A year or so after finishing Evil Genes, I've come to believe this may be one of the most important and helpful nonfiction books I've ever read. I say this because it has clarified my understanding of human behavior that defies explanation or any sense of empathy or humanity. We have an estimated 12 million sociopaths running around in American society, and the system, in a bizarre, dehumanized sort of way, favors their unlimited capacity for money, attention, power, success and adulation. Perhaps the most important take-away from this fascinating, important book is this: sociopaths are charming! They have a way of winning us over! But watch how these chaos creators and machiavells manipulate and control the boundaries of common sense, transforming their "noble causes" and "beliefs" into greedy, self-serving nonsense. No one dares call out these so-called leaders (politicians, CEOs, etc.) as the personality types their actions and behavior suggest, and yet, if everyone took the time to read Evil Genes and other books like this one, we might actually have a fighting chance against human beings who are wired so differently from the rest of us. These sociopaths cannot change their capacity for chaos and destruction. They will always have followers. They will never stop fighting for and fueling their own narcissistic impulses. We owe it to ourselves to be more aware of their charming, luring, destructive behavior. This book helps pinpoint such deceptive, frightening behavior. Thank you, Barbara Oakley, for bringing the tendencies of these personality types to light.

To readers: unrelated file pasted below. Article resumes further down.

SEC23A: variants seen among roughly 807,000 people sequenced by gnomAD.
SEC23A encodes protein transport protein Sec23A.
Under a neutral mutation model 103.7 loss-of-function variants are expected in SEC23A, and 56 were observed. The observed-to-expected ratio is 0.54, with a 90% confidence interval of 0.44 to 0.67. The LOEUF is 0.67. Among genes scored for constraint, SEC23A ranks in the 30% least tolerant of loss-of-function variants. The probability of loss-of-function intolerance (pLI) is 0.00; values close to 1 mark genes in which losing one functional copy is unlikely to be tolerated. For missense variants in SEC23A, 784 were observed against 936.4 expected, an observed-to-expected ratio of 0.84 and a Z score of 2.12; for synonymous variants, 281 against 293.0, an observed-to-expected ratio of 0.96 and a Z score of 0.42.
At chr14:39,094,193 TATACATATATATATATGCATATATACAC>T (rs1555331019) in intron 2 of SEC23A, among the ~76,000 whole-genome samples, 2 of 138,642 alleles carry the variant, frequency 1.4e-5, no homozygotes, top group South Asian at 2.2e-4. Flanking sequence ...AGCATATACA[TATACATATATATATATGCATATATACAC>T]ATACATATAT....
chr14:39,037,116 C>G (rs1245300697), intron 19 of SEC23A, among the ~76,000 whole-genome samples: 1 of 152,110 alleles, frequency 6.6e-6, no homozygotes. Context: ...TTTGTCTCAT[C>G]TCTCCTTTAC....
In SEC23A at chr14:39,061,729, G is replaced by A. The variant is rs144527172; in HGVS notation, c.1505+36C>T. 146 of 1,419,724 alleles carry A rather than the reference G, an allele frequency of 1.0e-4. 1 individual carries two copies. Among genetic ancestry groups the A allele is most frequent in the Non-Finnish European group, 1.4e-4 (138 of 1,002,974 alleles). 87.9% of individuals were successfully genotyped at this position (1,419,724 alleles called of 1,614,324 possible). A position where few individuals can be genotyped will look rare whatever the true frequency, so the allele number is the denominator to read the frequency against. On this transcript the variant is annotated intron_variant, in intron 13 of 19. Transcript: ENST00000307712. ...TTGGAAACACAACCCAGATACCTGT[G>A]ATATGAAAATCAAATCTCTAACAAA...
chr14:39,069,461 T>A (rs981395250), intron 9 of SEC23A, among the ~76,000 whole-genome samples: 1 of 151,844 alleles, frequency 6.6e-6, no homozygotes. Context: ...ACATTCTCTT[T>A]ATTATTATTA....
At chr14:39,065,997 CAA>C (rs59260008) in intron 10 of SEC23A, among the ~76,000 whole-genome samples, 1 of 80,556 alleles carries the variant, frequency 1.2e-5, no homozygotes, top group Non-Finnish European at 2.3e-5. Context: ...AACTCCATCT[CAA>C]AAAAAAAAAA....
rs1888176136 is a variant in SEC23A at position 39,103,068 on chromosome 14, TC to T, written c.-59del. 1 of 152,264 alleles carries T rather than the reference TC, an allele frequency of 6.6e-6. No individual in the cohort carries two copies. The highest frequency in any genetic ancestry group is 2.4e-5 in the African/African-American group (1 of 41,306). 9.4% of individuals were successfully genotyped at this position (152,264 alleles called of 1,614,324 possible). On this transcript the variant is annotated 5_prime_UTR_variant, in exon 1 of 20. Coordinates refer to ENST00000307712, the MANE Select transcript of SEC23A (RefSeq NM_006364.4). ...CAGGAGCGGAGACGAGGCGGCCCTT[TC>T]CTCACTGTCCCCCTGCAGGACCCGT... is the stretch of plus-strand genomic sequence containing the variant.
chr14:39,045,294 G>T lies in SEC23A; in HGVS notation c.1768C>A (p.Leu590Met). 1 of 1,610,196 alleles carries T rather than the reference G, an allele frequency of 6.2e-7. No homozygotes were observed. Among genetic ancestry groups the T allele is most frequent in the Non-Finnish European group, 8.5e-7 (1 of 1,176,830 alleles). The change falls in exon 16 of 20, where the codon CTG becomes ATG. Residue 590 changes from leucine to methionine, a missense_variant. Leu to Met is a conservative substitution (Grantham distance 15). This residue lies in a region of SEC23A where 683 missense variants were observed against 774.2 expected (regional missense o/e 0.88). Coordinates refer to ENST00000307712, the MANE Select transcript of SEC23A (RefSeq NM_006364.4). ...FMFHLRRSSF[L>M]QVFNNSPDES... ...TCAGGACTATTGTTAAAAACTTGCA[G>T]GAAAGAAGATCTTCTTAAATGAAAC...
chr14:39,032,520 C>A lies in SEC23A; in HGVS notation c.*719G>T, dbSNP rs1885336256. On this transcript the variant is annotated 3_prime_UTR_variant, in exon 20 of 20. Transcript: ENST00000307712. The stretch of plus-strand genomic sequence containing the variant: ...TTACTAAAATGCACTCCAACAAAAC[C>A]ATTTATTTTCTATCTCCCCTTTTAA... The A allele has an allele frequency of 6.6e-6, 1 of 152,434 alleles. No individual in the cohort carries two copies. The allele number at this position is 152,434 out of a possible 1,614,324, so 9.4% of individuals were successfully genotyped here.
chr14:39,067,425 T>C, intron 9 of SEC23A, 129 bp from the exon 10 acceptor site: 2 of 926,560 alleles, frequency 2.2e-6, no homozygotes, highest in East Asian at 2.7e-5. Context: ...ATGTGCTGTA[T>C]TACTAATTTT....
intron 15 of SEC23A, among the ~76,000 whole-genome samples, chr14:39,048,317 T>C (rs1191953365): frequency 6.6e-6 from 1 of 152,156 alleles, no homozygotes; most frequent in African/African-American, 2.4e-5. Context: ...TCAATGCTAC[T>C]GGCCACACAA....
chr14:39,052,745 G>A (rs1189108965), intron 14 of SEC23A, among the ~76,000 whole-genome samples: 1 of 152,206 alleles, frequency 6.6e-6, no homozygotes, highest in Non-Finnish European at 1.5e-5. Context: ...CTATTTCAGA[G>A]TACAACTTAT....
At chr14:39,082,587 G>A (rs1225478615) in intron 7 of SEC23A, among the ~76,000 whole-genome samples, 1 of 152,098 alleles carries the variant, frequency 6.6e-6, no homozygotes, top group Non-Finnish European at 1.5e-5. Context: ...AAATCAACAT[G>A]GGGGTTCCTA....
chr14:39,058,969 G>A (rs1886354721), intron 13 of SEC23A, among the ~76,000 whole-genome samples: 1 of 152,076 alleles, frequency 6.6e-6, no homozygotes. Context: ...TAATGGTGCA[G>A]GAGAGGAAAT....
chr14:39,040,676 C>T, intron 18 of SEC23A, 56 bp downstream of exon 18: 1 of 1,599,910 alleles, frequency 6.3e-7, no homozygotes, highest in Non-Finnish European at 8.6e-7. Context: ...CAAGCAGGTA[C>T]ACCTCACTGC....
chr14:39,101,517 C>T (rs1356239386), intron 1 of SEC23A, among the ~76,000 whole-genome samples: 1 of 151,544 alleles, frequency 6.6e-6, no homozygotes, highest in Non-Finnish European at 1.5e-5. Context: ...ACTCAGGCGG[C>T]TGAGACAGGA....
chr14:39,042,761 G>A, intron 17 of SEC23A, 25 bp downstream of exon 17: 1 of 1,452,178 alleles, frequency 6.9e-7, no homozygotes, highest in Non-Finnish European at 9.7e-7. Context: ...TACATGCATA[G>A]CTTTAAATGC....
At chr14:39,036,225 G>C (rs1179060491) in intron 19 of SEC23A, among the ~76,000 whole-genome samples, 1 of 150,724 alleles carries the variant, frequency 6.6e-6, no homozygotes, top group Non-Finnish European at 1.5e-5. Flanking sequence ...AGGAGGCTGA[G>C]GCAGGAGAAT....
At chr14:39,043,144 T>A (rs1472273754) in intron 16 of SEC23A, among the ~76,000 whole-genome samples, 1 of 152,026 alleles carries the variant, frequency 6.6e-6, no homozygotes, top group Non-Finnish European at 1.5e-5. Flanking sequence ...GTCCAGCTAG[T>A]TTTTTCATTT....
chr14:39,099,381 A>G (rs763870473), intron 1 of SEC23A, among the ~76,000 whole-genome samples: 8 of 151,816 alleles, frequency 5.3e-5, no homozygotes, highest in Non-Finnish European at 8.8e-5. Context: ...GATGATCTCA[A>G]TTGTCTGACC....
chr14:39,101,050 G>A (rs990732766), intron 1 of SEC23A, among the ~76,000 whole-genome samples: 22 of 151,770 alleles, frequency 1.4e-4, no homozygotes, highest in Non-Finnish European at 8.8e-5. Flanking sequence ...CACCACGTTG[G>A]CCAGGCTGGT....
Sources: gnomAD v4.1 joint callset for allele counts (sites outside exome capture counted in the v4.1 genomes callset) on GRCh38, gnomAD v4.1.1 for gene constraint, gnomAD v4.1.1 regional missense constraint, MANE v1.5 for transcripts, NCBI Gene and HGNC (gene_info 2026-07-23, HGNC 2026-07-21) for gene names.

I ate this book. It has been a while since I've read a "page-turner", but this unlikely candidate was just that - I could scarcely put it down, much to the annoyance of my neglected husband and children.
Part science writing, part historical analysis, part sociological study, and part personal narrative, this compelling read attempts to answer the questions:
1. Why are some people so cruel and self-serving, apparently devoid of conscience or empathy?
2. How do such people rise to the top in every walk of life and hold sway over their "followers"?
My only criticism of the book is the story of the author's sister - it was hard for me, obviously removed from the situation, to lump Carolyn in with the likes of Hitler, Milosevic, or Chairman Mao - all of the author's anecdotes make her come off as a rather sad, mentally unbalanced woman rather than a force of evil. But then, Carolyn did not have a personal effect upon me or my family and perhaps if she had I would think of her differently.